• Professional clinical practice
  • Psychological, child and maternal health
  • Consolidation of key clinical and communication skills
  • Therapeutic basis of medicine

Year 5*

  • Medicine
  • Surgery
  • Forensic & legal medicine
  • Psychiatry
  • Medicine in the community

Year 6*

  • Pediatrics
  • Obstetrics & gynecology
  • Intern shadowing
  • Professional completion
  • Public health medicine
  • Clinical elective

*Sample rotation

 

UCD School of Medicine Prospectus (click to view/download)
UCD School of Medicine Prospectus (click to view/download)

The Teaching Hospitals

UCD’s Medical School has a distinct advantage of having two general teaching hospitals. Combined, The Mater Misericordiae University Hospital and St.Vincent’s University Hospital have 980 beds. Their specialist units include the National Centres for Breast Cancer Screening, Cardiac Surgery, Liver Transplantation and Spinal Injuries.

Other affiliated general hospitals include Tullamore General Hospital, Waterford General Hospital, St. Colmcille’s Hospital Loughlinstown and St. Michael’s Hospital Dun Laoghaire.

The Specialist Teaching Hospitals

  1. The National Maternity Hospital
  2. The Coombe Women & Infants University Hospital
  3. Our Lady’s Children’s Hospital, Crumlin
  4. Children’s University Hospital, Temple Street

All of the above named hospitals contain units of international repute. The National Virus Reference Laboratory is housed in the UCD Department of Medical Microbiology.

International Electives

Each year, many UCD students compete for highly-prized international summer elective opportunities at locations all over the world.  A long-established feature of UCD’s undergraduate programs, clinical and research electives allow students to develop their knowledge and understanding of issues and themes relevant to the study of medicine.  Students experience a different healthcare system and get to work in many of the world’s top medical centers.  A list can be found by visiting the UCD School of Medicine website.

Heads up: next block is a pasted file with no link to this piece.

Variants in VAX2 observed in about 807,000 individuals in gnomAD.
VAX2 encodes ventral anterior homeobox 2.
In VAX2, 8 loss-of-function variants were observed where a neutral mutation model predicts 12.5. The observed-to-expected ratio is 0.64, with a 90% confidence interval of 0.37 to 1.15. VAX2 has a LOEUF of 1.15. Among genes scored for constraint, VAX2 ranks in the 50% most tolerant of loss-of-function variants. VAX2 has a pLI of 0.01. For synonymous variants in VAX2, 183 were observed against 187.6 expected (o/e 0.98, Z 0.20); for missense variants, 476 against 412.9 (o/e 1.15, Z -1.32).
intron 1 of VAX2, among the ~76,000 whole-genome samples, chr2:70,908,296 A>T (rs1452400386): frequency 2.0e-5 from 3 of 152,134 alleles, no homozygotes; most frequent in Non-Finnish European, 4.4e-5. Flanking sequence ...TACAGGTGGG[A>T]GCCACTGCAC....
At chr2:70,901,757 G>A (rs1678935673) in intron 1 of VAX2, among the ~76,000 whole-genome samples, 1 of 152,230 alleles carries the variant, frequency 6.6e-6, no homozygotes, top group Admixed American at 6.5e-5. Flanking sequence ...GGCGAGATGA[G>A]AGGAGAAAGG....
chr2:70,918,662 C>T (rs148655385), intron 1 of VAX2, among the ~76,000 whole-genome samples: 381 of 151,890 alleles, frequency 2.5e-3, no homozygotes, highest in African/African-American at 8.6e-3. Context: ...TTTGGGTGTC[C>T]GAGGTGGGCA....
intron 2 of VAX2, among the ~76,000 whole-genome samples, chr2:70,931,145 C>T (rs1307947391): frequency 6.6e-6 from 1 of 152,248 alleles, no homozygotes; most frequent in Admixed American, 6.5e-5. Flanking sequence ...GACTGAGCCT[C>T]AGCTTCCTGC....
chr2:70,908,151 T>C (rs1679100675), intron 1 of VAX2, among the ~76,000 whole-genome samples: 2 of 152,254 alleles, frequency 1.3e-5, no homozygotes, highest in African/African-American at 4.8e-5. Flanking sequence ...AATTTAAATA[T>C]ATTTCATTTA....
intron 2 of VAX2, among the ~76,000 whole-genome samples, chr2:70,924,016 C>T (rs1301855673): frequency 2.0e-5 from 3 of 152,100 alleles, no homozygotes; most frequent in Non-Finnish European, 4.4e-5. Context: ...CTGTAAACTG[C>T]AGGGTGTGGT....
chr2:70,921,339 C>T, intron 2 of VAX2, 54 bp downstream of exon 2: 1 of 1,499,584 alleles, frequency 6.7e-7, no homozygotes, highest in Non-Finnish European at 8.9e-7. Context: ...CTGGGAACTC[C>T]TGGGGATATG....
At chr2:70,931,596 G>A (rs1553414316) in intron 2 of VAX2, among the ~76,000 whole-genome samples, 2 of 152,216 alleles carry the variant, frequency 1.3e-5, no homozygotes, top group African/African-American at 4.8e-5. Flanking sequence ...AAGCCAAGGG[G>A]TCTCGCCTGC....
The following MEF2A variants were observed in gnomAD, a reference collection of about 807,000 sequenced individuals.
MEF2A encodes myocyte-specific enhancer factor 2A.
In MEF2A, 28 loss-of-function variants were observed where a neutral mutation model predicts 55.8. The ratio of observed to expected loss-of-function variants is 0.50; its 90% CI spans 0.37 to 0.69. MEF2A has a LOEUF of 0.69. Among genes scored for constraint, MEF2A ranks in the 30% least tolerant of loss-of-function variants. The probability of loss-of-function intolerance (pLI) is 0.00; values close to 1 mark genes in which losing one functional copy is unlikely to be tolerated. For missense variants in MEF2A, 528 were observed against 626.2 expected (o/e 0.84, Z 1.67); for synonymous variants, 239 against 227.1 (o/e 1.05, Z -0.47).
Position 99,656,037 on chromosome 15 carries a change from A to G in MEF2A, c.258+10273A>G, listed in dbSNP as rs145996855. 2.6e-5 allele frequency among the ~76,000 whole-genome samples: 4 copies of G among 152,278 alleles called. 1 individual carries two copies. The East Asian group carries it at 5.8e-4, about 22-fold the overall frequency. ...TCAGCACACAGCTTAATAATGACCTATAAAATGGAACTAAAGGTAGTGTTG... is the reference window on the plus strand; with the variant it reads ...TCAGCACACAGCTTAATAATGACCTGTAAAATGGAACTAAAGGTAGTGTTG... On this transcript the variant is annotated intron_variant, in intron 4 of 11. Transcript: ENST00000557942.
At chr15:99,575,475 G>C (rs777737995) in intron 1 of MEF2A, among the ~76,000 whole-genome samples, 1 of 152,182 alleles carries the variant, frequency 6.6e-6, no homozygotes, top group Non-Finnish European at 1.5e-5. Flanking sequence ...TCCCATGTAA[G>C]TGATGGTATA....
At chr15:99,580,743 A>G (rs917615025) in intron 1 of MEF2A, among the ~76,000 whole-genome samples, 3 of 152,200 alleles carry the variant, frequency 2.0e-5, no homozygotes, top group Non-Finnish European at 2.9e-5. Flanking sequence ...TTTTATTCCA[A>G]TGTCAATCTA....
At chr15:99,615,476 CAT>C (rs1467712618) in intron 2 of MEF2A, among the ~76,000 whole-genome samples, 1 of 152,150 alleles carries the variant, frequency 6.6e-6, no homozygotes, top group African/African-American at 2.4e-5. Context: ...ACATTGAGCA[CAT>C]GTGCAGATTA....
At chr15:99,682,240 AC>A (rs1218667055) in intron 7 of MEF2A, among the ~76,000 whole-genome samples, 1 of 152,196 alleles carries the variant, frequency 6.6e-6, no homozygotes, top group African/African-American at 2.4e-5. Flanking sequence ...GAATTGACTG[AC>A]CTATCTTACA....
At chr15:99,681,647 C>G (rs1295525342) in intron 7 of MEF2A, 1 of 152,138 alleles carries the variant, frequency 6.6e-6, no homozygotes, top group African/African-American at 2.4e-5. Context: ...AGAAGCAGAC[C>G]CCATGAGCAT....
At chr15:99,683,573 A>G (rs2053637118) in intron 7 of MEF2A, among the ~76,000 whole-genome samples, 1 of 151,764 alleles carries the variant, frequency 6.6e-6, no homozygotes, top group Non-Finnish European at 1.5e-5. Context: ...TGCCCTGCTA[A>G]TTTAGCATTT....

Medical Student Overseas Relief

Medical Students Overseas Relief (MSOR) is a voluntary society run by UCD medical students to raise funds for hospitals and clinics in the developing world. Every summer since 1974, UCD medical students have travelled to third world countries to assist, voluntarily, in humanitarian medical work. Over the past 37 years, UCD students have gone to over 30 different developing countries in Africa, Asia and South America.This charitable organisation aims to bring aid to underfunded healthcare institutions in developing countries. This aid is in the form of vital drugs, essential surgical and life-saving equipment, monetary donation and the voluntary work of the medical students. One of the core principles of MSOR is its policy on fund raising – all students must pay for their own travel and accommodation expenses. Hence every penny raised by MSOR goes directly to the hospital and those who need it most. To find out more about MSOR, see here.

Entry Requirements

SIX-YEAR PROGRAM: These courses are designed for students entering directly from high school and for high school graduates who have also taken college/university level courses but who will not have earned a bachelor’s degree by the September entry. The minimum GPA requirement is 3.20.

FOUR-YEAR PROGRAM: A bachelor’s degree and the MCAT are required. The MCAT can be written as late as April of the year of entry and a bachelor’s degree must be awarded before the September entry. MCAT minimum – 503 (must be written within the past 3 years). GAMSAT minimum – 57. The minimum GPA requirement is 3.20. The four-year course is also referred to as the Graduate Entry Medicine Program (GEM).

Atlantic Bridge will provide specific guidance on your eligibility based on the information you submit on your Application Request Form.

 

Visit these links for more information:
University College Dublin
UCD School of Medicine
UCD School of Medicine on YouTube